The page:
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RECAP Lecture 7

FA of **EVEN EVEN, **FA corresponding to finite
languages(using both methods), Transition
graphs.

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Recap Definition of TG continued …

**Definition: **A Transition graph (TG), is a
collection of the followings
1)Finite number of states, at least one of which

is start state and some (maybe none) final states.

2)Finite set of input letters (Σ) from which input strings are formed.

3)Finite set of transitions that show how to go from one state to another based on reading specified substrings of input letters, possibly even the null string (Λ).

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Note

It is to be noted that in TG there may exist more than one paths for certain string, while there may not exist any path for certain string as well. If there exists at least one path for a certain string, starting from initial state and ending in a final state, the string is supposed to be accepted by the TG, otherwise the string is supposed to be rejected. Obviously collection of accepted strings is the language accepted by the TG.

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Example

Consider the Language L , defined over
Σ = {a, b} of **all strings including Λ.** The
language L may be accepted by the following
TG

The language L may also be accepted by the

following TG

a,b

+ Λ

a,b

**-
**

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Example Continued …

TG1

TG2

a,b

±

a,b

+

±

a,b

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Example

Consider the following TGs

**-
**

**-**

a,b

**-**

a,b

a,b

TG3

TG2

TG1

1

1

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Example Continued …

It may be observed that in the first TG, no transition has been shown. Hence this TG does not accept any string, defined over any alphabet. In TG2 there are transitions for a and b at initial state but there is no transition at state 1. This TG still does not accept any string. In TG3 there are transitions at both initial state and state 1, but it does not accept any string.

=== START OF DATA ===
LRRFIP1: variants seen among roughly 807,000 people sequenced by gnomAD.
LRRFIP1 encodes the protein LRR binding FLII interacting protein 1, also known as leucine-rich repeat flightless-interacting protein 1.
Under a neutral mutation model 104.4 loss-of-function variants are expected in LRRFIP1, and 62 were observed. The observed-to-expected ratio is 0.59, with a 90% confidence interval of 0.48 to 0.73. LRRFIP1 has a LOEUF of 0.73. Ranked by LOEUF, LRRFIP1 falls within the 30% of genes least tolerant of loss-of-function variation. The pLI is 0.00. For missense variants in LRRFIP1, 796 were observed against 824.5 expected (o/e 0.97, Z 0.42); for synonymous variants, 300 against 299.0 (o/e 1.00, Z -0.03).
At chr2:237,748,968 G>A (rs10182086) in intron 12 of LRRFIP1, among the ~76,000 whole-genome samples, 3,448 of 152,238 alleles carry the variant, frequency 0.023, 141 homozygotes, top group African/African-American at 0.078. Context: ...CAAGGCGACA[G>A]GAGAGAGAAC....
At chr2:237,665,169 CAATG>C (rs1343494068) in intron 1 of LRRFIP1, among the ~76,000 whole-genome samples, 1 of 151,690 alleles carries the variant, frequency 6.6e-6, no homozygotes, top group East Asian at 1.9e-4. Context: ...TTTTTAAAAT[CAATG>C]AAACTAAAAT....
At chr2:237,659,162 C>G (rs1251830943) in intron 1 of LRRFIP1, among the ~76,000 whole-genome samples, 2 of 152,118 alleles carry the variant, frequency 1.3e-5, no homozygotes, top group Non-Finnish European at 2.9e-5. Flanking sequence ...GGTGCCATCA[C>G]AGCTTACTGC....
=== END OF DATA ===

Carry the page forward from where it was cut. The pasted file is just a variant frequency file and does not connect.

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Example Continued …

Thus none of TG1, TG2 and TG3 accepts any string, i.e. these TGs accept empty language. It may be noted that TG1 and TG2 are TGs but not FA, while TG3 is both TG and FA as well.

It may be noted that every FA is a TG as well, but the converse may not be true, i.e. every TG may not be an FA.

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Example

Consider the language L of strings, defined over
Σ={a, b}, **starting with b. **The language L
may be expressed by RE b(a + b)* , may be
accepted by the following TG

b ––

+

a,b

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Example

Consider the language L of strings, defined over
Σ={a, b}, **not****ending in b. **The language L
may be expressed by RE Λ + (a + b)*a , may be
accepted by the following TG

a ––

+

a,b

+

Λ

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Task solution …

Using the technique discussed by Martin, build an FA accepting the following language

L = {w {a,b}*: length(w) 2 and second letter of w, from right is a}.

**Solution:**The language L may be expressed
by the regular expression
(a+b)*(aa+ab)

This language may be accepted by the following FA

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Task continued … a

a

b

a

b

Λ

a

b a

a

a

b

b

b

b

a b

ab

ba

bb

aa

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Task solution …

Using the technique discussed by Martin, build an FA accepting the following language

L = {w {a,b}*: w neither ends in **ab **norin**
ba**}.
**Solution:**The language L may be expressed by

the regular expression Λ + a + b + (a+b)*(aa+bb)

This language may be accepted by the following FA

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Task continued … a

a

b

a

a

b

a

a

b

b

b

b

a b

ab

ba

b

a

Λ

bb

aa

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TASK

Build a TG accepting the language of strings,
defined over Σ={a, b}, **ending in b. **

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Example

Consider the Language L of strings,
defined over Σ = {a, b}, **containing
double a.
**

The language L may be expressed by the following regular expression

(a+b)* (aa) (a+b)*. This language may be accepted by the following TG

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Example Continued …

b,a

1**- **2+

b,a

aa

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Example

Consider the language L of strings, defined over
Σ={a, b}, **having double a or double b**.

The language L can be expressed by RE (a+b)* (aa + bb) (a+b)*.

The above language may also be expressed by the following TGs.

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a

b

a

b

a,b

––

+

x

y

a,b

Example continued …

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OR

aa,bb

a,b a,b

+ **-
**

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OR

aa

a,b a,b

2+ 1-

bb

a,b a,b

4+ 3-

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Note

In the above TG if the states are not labeled then it may not be considered to be a single TG

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Summing Up

**TG definition, Examples:accepting all
strings, accepting none, starting with b,
not ending in b, containing aa, containing
aa or bb
**

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